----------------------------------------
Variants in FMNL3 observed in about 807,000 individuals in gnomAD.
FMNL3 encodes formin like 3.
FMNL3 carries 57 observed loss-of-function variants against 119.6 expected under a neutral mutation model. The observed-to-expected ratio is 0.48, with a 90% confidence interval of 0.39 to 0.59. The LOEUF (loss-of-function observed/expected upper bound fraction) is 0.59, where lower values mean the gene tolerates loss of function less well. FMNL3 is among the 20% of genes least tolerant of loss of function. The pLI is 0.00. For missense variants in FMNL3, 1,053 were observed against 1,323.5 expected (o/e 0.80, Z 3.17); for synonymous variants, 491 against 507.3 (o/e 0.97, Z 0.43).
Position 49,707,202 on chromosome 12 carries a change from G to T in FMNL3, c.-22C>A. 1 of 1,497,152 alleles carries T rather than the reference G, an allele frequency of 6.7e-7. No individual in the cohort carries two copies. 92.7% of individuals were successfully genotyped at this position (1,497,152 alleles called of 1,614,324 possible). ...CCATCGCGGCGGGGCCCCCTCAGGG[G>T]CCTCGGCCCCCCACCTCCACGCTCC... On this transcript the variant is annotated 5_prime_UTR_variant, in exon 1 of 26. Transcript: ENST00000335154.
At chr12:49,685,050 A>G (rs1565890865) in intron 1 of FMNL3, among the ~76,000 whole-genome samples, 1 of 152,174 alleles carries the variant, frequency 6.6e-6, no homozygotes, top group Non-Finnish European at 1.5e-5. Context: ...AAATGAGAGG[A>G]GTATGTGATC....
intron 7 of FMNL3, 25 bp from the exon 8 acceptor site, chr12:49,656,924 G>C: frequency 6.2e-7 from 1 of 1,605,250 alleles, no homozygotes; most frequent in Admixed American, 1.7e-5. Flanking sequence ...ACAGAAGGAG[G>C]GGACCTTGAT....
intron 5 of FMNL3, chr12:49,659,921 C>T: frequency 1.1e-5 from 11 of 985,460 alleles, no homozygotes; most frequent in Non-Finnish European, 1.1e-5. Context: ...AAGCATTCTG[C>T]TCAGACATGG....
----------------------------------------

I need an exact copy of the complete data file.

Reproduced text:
Variants in FMNL3 observed in about 807,000 individuals in gnomAD.
FMNL3 encodes formin like 3.
FMNL3 carries 57 observed loss-of-function variants against 119.6 expected under a neutral mutation model. The observed-to-expected ratio is 0.48, with a 90% confidence interval of 0.39 to 0.59. The LOEUF (loss-of-function observed/expected upper bound fraction) is 0.59, where lower values mean the gene tolerates loss of function less well. FMNL3 is among the 20% of genes least tolerant of loss of function. The pLI is 0.00. For missense variants in FMNL3, 1,053 were observed against 1,323.5 expected (o/e 0.80, Z 3.17); for synonymous variants, 491 against 507.3 (o/e 0.97, Z 0.43).
Position 49,707,202 on chromosome 12 carries a change from G to T in FMNL3, c.-22C>A. 1 of 1,497,152 alleles carries T rather than the reference G, an allele frequency of 6.7e-7. No individual in the cohort carries two copies. 92.7% of individuals were successfully genotyped at this position (1,497,152 alleles called of 1,614,324 possible). ...CCATCGCGGCGGGGCCCCCTCAGGG[G>T]CCTCGGCCCCCCACCTCCACGCTCC... On this transcript the variant is annotated 5_prime_UTR_variant, in exon 1 of 26. Transcript: ENST00000335154.
At chr12:49,685,050 A>G (rs1565890865) in intron 1 of FMNL3, among the ~76,000 whole-genome samples, 1 of 152,174 alleles carries the variant, frequency 6.6e-6, no homozygotes, top group Non-Finnish European at 1.5e-5. Context: ...AAATGAGAGG[A>G]GTATGTGATC....
intron 7 of FMNL3, 25 bp from the exon 8 acceptor site, chr12:49,656,924 G>C: frequency 6.2e-7 from 1 of 1,605,250 alleles, no homozygotes; most frequent in Admixed American, 1.7e-5. Flanking sequence ...ACAGAAGGAG[G>C]GGACCTTGAT....
intron 5 of FMNL3, chr12:49,659,921 C>T: frequency 1.1e-5 from 11 of 985,460 alleles, no homozygotes; most frequent in Non-Finnish European, 1.1e-5. Context: ...AAGCATTCTG[C>T]TCAGACATGG....